We rehearsed a load of times, starting on the Sunday before the event and ending with a full run-through immediately before the live one. This seemed excessive to me... until we started. Hot DAMN, let me tell you, that shit was scary. This is the view from the stage with the lights up:
As well as the actual talk, we were also rehearsing the details of getting on and off the stage with all the right kit, in the right order. This involved sitting in a big long line backstage, and getting ready to go on while the other person was finishing. The objective is to have zero space in between pitches, so as one person is talking the next person's kit is being set up by the AV crew, so there's no visible switch. We drilled, and drilled, and then drilled some more - I'm happy to say nobody fucked it up (not visibly anyway!)
I ended up going second, which I think was a very lucky draw - the guy going first has extra responsibility in terms of leading people in and out, but I still get to get it out of the way rather than sweating it out for ages backstage.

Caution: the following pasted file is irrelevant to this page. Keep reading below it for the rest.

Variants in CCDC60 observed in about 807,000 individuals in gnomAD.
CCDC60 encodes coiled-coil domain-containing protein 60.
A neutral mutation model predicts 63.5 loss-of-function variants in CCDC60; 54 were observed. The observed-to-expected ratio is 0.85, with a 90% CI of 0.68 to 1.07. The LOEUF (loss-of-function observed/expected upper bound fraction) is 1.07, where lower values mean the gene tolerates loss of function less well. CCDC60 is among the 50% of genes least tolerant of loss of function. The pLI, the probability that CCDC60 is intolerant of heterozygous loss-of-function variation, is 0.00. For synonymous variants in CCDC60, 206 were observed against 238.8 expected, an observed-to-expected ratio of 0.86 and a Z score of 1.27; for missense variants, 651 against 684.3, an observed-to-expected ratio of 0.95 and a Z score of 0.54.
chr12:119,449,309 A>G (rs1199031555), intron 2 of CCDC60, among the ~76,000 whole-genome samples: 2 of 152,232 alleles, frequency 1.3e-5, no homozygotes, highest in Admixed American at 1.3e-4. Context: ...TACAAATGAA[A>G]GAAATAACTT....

My talk was about live coding, using Cyril as a demo but trying to explain what it is as a technique more generally, and hopefully explaining why I love doing it. I really wanted to come out of the blocks on a high and be really memorable, so I decided to do a sort of machine-gun style presentation with tons of bright clear slides, followed by a live demo of something fun and colourful and tactile, over some loud noise.
I also made the decision not to identify myself as a BBC guy - I wanted this whole thing to be about what makes me tick as a creative coder, and not just as an exercise in "hey I'm from the Beeb, let me waffle". I think I achieved this, and it also meant I could be a little more... confrontational (?) on stage and not get sacked - always a bonus.
The live show was terrifying, but in the end I managed to say everything I set out to say, and the code didn't shit the bed, and people clapped. Mission accomplished! The only drawback was that none of the elevator pitchers got to see each other's talks - bit frustrating. We did listen of course, and there were a couple of clear stand-out ones that I voted for anyway. No idea if our votes count, but I'd love to see [REDACTED] and [REDACTED] back next year ;)
Anyway, here's what it looked like:
Andre very helpfully got the whole thing on video, which can be found here.
Fingers crossed that people want me back next year - I really feel like I could have a LOT of fun with a bit more time and some big speakers.
Reasons 2014, it was a blast. Let's do it again sometime!